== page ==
[montanafood_ag] FW: Eating Local-Eating Well: News about Local Food Initiatives in Red Lodge - January 2012

Kevin Moore kmoore at aeromt.org
Mon Jan 9 10:00:45 MST 2012



From: Red Lodge Area Food Partnership Council [mailto:foodpartnership=gmail.com at mail73.us2.mcsv.net] On Behalf Of Red Lodge Area Food Partnership Council
Sent: Monday, January 09, 2012 4:31 AM
To: Kevin
Subject: Eating Local-Eating Well: News about Local Food Initiatives - January 2012


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“Across America, the grass roots food movement seems to be arising from a common feeling that we have lost our center.....people are seeking to find a new center, to create meaning and purpose in their lives, to restore harmony and balance in their relationships with the land, food, and each other.”
Reclaiming our Food by Tanya Denckla Cobb.


 In this issue:

·         Come Shop our Mini Winter Market

·         It Takes a Community….to Build a Garden

·         Celebrating A Year of Local Food

·         Calling all Producers and Chefs!

·         Local Doesn’t Always Mean Sustainable

·         Local Foods Commerce Day, Feb. 6

·         Have You Tried?

·         Want to get More Involved?

·         Suggested Reading



Come Shop our Mini Winter Market
Thursday, Jan. 12 from 10:00 a.m. – 1:00 p.m., Elks Club
With the wind howling and the snow flying, we can’t help starting to dream about the sight and smell and taste of fresh produce that we will grow in our gardens this summer or buy at the Farmers’ Market.  And about the other delicious locally grown and produced food we enjoyed last summer, including local meat, baked goods, and value-added products like jam, herb butter, and pesto sauce.  In fact, we missed this wonderful food so much; we have worked with some of the vendors from the summer Farmers Market to offer their products on a limited, monthly basis this winter.
A few of our members have been working with an organic produce coop, and we decided to use the monthly produce pick-up as a start of a customer base and offer the opportunity to local producers and Farmers Market vendors to sell their products in the off-season.
Please plan to join us for our mini winter market from 10 am to 1 pm, starting on Thursday, January 12th at the Elks Club (114 N. Broadway) in Red Lodge.  The Elks Club will have their bar open and offer lunch for sale, and they have a great space for people to relax, purchase refreshments and do some shopping with our local vendors. For more information, contact Janet Peterson at  <mailto:foodpartnership at gmail.com> foodpartnership at gmail.com or (406) 425-3806.

  <http://gallery.mailchimp.com/2fbe6c228fd21040e1d8459e4/files/raised_bed_web.jpg> It Takes a Community….to Build a Garden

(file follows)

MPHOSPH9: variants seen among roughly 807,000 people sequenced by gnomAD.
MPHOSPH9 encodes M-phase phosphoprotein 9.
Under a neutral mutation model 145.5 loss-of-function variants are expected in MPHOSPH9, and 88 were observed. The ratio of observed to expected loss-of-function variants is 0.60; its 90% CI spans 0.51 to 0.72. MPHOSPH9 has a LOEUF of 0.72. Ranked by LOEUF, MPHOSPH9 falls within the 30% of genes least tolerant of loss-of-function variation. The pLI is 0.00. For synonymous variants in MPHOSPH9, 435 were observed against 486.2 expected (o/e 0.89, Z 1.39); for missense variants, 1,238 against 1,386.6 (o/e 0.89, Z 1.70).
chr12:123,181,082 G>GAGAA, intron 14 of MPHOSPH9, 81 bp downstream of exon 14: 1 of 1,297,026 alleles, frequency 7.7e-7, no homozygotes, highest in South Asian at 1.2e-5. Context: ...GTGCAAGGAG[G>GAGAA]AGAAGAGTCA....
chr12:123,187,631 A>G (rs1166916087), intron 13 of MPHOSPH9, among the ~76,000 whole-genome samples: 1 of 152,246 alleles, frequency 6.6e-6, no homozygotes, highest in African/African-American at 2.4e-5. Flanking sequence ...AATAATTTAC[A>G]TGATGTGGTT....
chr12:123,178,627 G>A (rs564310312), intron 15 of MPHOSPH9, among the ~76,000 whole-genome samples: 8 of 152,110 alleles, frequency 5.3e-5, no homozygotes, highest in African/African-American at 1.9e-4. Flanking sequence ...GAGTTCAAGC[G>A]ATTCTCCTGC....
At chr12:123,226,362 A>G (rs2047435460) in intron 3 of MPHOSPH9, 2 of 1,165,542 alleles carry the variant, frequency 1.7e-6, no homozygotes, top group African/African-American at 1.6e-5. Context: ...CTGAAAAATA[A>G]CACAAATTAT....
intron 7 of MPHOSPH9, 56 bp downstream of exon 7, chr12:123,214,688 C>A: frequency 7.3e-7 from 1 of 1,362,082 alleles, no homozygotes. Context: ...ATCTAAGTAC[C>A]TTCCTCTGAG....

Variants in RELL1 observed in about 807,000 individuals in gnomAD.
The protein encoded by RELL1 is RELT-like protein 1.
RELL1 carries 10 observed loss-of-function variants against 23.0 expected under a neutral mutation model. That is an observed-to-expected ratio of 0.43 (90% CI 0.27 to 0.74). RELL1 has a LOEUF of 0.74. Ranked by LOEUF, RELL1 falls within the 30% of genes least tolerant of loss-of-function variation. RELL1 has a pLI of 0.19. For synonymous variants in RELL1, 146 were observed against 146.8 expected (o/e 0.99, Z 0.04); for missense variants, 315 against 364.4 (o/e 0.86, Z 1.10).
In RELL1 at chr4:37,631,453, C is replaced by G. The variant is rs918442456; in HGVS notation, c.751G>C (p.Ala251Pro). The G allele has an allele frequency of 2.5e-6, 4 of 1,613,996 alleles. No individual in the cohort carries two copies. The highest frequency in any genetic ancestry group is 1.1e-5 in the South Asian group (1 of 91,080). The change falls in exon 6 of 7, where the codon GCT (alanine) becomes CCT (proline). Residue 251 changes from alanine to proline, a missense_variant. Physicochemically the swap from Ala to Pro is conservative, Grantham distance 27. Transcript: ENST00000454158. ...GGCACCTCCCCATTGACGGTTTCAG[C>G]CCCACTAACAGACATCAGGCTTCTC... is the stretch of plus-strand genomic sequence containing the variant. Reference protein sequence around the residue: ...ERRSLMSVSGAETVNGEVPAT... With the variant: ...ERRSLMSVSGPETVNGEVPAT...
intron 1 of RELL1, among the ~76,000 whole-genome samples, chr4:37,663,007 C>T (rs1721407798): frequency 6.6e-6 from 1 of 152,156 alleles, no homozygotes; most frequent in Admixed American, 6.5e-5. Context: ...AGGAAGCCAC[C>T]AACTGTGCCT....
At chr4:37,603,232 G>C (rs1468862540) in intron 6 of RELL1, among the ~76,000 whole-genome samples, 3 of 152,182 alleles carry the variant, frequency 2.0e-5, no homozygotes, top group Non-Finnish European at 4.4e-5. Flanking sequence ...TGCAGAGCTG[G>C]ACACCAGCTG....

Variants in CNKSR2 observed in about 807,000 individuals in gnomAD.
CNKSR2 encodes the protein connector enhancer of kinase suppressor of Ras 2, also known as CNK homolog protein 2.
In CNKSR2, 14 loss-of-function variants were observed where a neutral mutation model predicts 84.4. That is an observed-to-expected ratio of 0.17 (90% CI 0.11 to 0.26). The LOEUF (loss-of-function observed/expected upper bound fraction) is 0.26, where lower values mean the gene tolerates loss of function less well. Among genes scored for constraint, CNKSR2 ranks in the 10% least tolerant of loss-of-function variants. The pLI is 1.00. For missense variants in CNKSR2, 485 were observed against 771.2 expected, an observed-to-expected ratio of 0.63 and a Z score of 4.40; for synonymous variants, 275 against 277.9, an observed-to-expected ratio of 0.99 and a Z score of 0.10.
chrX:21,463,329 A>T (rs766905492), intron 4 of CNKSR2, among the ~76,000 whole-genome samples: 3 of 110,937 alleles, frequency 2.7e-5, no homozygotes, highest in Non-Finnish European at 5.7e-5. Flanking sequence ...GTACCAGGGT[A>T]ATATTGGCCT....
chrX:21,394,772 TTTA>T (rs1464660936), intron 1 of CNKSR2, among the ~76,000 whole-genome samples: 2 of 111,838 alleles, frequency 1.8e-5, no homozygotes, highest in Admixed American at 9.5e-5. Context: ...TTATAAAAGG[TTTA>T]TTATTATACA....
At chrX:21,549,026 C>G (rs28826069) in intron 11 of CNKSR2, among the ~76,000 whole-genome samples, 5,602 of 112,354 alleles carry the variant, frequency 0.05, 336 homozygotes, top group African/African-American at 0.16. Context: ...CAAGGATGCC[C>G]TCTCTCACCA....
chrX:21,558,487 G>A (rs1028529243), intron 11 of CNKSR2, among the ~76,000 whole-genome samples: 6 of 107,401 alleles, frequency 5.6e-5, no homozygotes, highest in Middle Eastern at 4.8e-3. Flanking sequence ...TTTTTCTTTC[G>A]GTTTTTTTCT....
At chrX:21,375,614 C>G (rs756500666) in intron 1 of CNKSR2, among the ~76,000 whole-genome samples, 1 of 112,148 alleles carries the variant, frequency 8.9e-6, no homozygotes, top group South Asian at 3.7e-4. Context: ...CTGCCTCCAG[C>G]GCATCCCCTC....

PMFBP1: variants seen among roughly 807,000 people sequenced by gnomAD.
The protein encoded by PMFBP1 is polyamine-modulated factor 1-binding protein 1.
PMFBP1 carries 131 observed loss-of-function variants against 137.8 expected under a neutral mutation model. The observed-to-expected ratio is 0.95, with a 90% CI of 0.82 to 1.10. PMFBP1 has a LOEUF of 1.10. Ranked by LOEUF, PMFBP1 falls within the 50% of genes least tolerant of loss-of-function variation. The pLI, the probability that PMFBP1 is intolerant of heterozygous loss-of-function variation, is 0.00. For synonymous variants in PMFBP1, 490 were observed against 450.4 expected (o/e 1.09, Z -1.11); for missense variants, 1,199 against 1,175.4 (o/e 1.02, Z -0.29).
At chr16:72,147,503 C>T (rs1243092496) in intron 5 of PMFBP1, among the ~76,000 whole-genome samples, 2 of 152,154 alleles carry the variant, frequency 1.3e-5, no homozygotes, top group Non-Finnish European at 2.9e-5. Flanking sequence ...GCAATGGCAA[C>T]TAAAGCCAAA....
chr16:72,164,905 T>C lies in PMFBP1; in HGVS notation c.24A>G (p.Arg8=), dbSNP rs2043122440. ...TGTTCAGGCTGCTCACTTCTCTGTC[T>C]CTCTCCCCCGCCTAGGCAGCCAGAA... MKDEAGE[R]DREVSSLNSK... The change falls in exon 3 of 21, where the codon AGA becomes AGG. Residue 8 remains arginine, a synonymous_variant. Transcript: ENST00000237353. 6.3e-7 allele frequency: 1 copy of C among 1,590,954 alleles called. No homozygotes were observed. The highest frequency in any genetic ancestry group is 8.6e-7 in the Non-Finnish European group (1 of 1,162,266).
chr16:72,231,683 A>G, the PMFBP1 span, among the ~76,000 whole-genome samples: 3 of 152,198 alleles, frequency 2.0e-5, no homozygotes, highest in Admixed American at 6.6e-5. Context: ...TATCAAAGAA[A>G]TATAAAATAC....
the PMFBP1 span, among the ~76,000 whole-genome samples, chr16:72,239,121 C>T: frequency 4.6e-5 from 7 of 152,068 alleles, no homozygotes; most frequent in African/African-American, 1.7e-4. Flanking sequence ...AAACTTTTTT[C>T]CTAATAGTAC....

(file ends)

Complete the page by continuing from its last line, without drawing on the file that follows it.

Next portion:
Red Lodge students don’t only want to eat fresh, local food. They also want to grow it! So in partnership with Red Lodge Public Schools and the Boys & Girls Club, FPC is developing a Community Youth Garden. The garden will be a space where youth and community members can learn, through hands-on activities, about where their food comes from. These experiences are empowering, as youth become excited about eating nutritious, local food that they helped to grow. Through school visits, afterschool activities, and summer programming, the garden will become an outdoor classroom for students, teachers, and community members. 
But to make it happen, we need your help! There are ways for everyone to get involved. In addition to looking for donations of your time, mentorship, and gardening expertise in the spring, this winter we’re seeking out community members who have available land or materials to donate.
We’re looking into a few potential garden sites throughout town, but would also like to learn of any other available plots. The site requirements are as follows:
·      within walking distance of the K-8 school and the Boys & Girls Club
·      has access to water  <http://gallery.mailchimp.com/2fbe6c228fd21040e1d8459e4/files/garden_startersweb.jpg> 
·      relatively flat terrain
·      storage space for tools and parking
·      large enough for 6-8 large raised beds

Do you own, or know of, a location that fits these needs? Please let us know!
Once we’ve identified a location, it will be time to get building! We’re looking for any fencing, soil, seeds, and tools that you may have to donate for the garden. Contact FoodCorps member Alyssa Charney at  <mailto:redlodge.foodcorps at gmail.com> redlodge.foodcorps at gmail.com with your ideas to help Red Lodge grow this Community Youth Garden. Thank you!  

Continuing the Work: Celebrating A Year of Local Food